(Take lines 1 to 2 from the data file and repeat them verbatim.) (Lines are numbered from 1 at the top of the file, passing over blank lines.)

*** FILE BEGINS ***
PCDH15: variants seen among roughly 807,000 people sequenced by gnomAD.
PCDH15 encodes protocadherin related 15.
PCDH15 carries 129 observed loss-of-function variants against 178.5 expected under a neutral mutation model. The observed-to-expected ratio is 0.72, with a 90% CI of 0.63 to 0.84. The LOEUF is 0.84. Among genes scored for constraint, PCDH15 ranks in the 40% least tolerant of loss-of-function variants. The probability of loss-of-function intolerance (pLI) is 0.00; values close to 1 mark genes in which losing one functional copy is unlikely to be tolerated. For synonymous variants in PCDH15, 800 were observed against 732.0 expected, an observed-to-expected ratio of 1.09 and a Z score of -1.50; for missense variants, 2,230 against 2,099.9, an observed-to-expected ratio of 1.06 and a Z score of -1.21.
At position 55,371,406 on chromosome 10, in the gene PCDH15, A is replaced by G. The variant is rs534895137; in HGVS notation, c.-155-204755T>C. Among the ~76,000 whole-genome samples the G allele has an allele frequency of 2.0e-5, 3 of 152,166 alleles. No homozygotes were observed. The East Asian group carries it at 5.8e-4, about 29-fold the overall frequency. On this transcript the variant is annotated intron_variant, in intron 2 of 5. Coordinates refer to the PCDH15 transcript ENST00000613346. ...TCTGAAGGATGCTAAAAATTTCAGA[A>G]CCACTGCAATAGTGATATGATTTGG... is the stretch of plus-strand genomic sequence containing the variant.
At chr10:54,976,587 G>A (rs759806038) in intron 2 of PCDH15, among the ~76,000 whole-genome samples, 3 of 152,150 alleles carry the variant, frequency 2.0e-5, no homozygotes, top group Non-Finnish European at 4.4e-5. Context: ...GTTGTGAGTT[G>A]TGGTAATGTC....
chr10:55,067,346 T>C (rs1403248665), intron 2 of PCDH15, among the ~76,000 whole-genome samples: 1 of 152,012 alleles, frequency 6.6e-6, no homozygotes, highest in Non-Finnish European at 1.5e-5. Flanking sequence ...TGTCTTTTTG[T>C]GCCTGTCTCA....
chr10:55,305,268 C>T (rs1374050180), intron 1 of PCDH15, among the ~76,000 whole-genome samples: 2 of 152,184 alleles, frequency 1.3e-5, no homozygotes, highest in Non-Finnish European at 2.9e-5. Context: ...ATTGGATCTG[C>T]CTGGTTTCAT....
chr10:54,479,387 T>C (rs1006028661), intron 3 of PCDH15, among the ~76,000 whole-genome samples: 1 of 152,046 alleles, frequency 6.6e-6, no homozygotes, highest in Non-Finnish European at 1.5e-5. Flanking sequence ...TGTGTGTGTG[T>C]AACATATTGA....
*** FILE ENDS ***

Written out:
PCDH15: variants seen among roughly 807,000 people sequenced by gnomAD.
PCDH15 encodes protocadherin related 15.